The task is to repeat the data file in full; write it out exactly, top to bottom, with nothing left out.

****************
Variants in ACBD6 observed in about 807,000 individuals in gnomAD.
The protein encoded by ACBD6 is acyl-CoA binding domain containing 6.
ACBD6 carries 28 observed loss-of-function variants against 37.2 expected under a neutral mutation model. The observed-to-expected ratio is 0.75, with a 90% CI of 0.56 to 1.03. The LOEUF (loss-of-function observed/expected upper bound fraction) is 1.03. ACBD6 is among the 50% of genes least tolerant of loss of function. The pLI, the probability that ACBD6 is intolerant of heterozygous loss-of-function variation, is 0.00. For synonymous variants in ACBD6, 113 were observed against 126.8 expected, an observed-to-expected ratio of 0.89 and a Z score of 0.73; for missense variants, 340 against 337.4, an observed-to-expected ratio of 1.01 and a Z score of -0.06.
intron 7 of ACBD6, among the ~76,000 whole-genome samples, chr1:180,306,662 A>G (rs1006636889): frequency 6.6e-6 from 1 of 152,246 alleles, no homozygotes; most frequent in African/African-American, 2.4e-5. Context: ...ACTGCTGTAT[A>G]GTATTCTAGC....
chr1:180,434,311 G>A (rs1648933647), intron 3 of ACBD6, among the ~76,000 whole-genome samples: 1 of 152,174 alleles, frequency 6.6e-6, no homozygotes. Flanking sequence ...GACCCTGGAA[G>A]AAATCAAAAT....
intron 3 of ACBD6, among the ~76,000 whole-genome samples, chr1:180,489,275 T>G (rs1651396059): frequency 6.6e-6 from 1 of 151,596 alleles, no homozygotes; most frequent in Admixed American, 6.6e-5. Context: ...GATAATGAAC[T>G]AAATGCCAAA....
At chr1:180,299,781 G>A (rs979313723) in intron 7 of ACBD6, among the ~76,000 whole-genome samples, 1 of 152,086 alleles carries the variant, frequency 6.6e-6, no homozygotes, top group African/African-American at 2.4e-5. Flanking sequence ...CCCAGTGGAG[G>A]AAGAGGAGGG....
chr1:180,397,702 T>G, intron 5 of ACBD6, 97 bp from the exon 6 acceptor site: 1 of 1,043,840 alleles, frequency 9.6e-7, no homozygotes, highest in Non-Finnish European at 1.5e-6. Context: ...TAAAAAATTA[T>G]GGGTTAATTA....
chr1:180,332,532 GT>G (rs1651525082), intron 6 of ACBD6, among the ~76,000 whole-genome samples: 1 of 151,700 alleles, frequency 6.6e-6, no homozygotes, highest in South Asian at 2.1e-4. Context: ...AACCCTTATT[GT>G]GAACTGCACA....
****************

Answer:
Variants in ACBD6 observed in about 807,000 individuals in gnomAD.
The protein encoded by ACBD6 is acyl-CoA binding domain containing 6.
ACBD6 carries 28 observed loss-of-function variants against 37.2 expected under a neutral mutation model. The observed-to-expected ratio is 0.75, with a 90% CI of 0.56 to 1.03. The LOEUF (loss-of-function observed/expected upper bound fraction) is 1.03. ACBD6 is among the 50% of genes least tolerant of loss of function. The pLI, the probability that ACBD6 is intolerant of heterozygous loss-of-function variation, is 0.00. For synonymous variants in ACBD6, 113 were observed against 126.8 expected, an observed-to-expected ratio of 0.89 and a Z score of 0.73; for missense variants, 340 against 337.4, an observed-to-expected ratio of 1.01 and a Z score of -0.06.
intron 7 of ACBD6, among the ~76,000 whole-genome samples, chr1:180,306,662 A>G (rs1006636889): frequency 6.6e-6 from 1 of 152,246 alleles, no homozygotes; most frequent in African/African-American, 2.4e-5. Context: ...ACTGCTGTAT[A>G]GTATTCTAGC....
chr1:180,434,311 G>A (rs1648933647), intron 3 of ACBD6, among the ~76,000 whole-genome samples: 1 of 152,174 alleles, frequency 6.6e-6, no homozygotes. Flanking sequence ...GACCCTGGAA[G>A]AAATCAAAAT....
intron 3 of ACBD6, among the ~76,000 whole-genome samples, chr1:180,489,275 T>G (rs1651396059): frequency 6.6e-6 from 1 of 151,596 alleles, no homozygotes; most frequent in Admixed American, 6.6e-5. Context: ...GATAATGAAC[T>G]AAATGCCAAA....
At chr1:180,299,781 G>A (rs979313723) in intron 7 of ACBD6, among the ~76,000 whole-genome samples, 1 of 152,086 alleles carries the variant, frequency 6.6e-6, no homozygotes, top group African/African-American at 2.4e-5. Flanking sequence ...CCCAGTGGAG[G>A]AAGAGGAGGG....
chr1:180,397,702 T>G, intron 5 of ACBD6, 97 bp from the exon 6 acceptor site: 1 of 1,043,840 alleles, frequency 9.6e-7, no homozygotes, highest in Non-Finnish European at 1.5e-6. Context: ...TAAAAAATTA[T>G]GGGTTAATTA....
chr1:180,332,532 GT>G (rs1651525082), intron 6 of ACBD6, among the ~76,000 whole-genome samples: 1 of 151,700 alleles, frequency 6.6e-6, no homozygotes, highest in South Asian at 2.1e-4. Context: ...AACCCTTATT[GT>G]GAACTGCACA....